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Lecture# Friction and Viscosity in Physics 1

Description

This lecture covers the concepts of solid friction, air friction, and viscosity in Physics 1. It explains the multitude of points of contact between objects, the forces opposing movement, and the dependence of friction on body shape. The lecture also delves into the laws of kinetic and static friction, breakout force, and imminent slippage. Additionally, it discusses the behavior of fluids, the impact of speed on friction, and the laws governing different frictional forces. The instructor emphasizes the distinction between various cases based on relative speeds and body shapes, providing a comprehensive understanding of friction and viscosity.

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Instructor

PHYS-101(g): General physics : mechanics

Le but du cours de physique générale est de donner à l'étudiant les notions de base nécessaires à la compréhension des phénomènes physiques. L'objectif est atteint lorsque l'étudiant est capable de pr

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In physics, a force is an influence that can cause an object to change its velocity, i.e., to accelerate, unless counterbalanced by other forces. The concept of force makes the everyday notion of pushing or pulling mathematically precise. Because the magnitude and direction of a force are both important, force is a vector quantity. It is measured in the SI unit of newton (N) and often represented by the symbol F.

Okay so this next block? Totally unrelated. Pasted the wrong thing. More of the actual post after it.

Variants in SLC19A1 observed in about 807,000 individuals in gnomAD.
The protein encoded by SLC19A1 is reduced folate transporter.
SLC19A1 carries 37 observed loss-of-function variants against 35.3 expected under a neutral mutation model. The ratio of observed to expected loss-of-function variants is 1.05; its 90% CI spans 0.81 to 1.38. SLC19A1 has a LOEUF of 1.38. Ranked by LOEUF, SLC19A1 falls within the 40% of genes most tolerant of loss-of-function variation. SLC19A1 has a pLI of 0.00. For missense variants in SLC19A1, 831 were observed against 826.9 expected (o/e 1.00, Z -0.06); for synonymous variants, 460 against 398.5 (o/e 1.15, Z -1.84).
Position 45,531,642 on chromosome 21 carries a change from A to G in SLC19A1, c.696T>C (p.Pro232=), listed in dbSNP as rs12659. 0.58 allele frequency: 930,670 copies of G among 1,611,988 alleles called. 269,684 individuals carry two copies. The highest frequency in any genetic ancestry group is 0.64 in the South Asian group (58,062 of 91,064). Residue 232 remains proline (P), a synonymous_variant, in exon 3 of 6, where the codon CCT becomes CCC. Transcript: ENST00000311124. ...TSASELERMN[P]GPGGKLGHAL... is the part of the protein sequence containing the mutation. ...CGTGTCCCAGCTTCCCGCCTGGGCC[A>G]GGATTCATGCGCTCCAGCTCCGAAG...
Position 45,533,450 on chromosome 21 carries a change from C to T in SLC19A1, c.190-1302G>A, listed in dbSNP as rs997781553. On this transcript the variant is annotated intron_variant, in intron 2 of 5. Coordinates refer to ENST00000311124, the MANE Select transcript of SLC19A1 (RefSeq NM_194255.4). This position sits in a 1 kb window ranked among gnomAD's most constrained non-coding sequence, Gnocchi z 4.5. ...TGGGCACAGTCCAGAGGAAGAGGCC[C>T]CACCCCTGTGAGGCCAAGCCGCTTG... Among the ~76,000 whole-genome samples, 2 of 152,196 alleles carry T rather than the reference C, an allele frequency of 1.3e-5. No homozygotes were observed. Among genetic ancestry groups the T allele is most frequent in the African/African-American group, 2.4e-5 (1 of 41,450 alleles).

Centrifugal force

In Newtonian mechanics, the centrifugal force is an inertial force (also called a "fictitious" or "pseudo" force) that appears to act on all objects when viewed in a rotating frame of reference. It is directed away from an axis which is parallel to the axis of rotation and passing through the coordinate system's origin. If the axis of rotation passes through the coordinate system's origin, the centrifugal force is directed radially outwards from that axis.

Centripetal force

A centripetal force (from Latin centrum, "center" and petere, "to seek") is a force that makes a body follow a curved path. The direction of the centripetal force is always orthogonal to the motion of the body and towards the fixed point of the instantaneous center of curvature of the path. Isaac Newton described it as "a force by which bodies are drawn or impelled, or in any way tend, towards a point as to a centre". In the theory of Newtonian mechanics, gravity provides the centripetal force causing astronomical orbits.

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Friction is the force resisting the relative motion of solid surfaces, fluid layers, and material elements sliding against each other. There are several types of friction: Dry friction is a force that opposes the relative lateral motion of two solid surfaces in contact. Dry friction is subdivided into static friction ("stiction") between non-moving surfaces, and kinetic friction between moving surfaces. With the exception of atomic or molecular friction, dry friction generally arises from the interaction of surface features, known as asperities (see Figure 1).

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